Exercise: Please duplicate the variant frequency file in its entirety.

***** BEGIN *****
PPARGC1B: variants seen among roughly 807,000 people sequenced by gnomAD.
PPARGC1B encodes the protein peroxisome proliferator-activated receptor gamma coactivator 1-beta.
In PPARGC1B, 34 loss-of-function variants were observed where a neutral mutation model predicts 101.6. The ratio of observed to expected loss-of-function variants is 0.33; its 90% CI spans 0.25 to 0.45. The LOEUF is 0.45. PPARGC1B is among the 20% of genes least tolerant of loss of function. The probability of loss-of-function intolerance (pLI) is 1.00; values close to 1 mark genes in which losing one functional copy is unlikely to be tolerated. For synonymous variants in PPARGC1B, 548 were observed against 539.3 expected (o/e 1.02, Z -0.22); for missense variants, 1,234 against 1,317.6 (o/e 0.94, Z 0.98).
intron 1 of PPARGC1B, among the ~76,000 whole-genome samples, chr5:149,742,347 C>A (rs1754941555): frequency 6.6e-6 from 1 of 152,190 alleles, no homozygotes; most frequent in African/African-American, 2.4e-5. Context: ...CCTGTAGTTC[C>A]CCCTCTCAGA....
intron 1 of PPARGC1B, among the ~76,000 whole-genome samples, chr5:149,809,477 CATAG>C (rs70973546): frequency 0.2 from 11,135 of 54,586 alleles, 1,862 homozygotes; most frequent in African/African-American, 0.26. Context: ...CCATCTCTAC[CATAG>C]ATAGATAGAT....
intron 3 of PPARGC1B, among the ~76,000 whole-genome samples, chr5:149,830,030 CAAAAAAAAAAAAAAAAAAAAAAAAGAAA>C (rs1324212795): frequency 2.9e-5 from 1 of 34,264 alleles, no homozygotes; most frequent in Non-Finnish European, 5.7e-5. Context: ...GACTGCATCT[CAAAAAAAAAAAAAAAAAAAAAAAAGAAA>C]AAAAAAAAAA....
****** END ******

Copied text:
PPARGC1B: variants seen among roughly 807,000 people sequenced by gnomAD.
PPARGC1B encodes the protein peroxisome proliferator-activated receptor gamma coactivator 1-beta.
In PPARGC1B, 34 loss-of-function variants were observed where a neutral mutation model predicts 101.6. The ratio of observed to expected loss-of-function variants is 0.33; its 90% CI spans 0.25 to 0.45. The LOEUF is 0.45. PPARGC1B is among the 20% of genes least tolerant of loss of function. The probability of loss-of-function intolerance (pLI) is 1.00; values close to 1 mark genes in which losing one functional copy is unlikely to be tolerated. For synonymous variants in PPARGC1B, 548 were observed against 539.3 expected (o/e 1.02, Z -0.22); for missense variants, 1,234 against 1,317.6 (o/e 0.94, Z 0.98).
intron 1 of PPARGC1B, among the ~76,000 whole-genome samples, chr5:149,742,347 C>A (rs1754941555): frequency 6.6e-6 from 1 of 152,190 alleles, no homozygotes; most frequent in African/African-American, 2.4e-5. Context: ...CCTGTAGTTC[C>A]CCCTCTCAGA....
intron 1 of PPARGC1B, among the ~76,000 whole-genome samples, chr5:149,809,477 CATAG>C (rs70973546): frequency 0.2 from 11,135 of 54,586 alleles, 1,862 homozygotes; most frequent in African/African-American, 0.26. Context: ...CCATCTCTAC[CATAG>C]ATAGATAGAT....
intron 3 of PPARGC1B, among the ~76,000 whole-genome samples, chr5:149,830,030 CAAAAAAAAAAAAAAAAAAAAAAAAGAAA>C (rs1324212795): frequency 2.9e-5 from 1 of 34,264 alleles, no homozygotes; most frequent in Non-Finnish European, 5.7e-5. Context: ...GACTGCATCT[CAAAAAAAAAAAAAAAAAAAAAAAAGAAA>C]AAAAAAAAAA....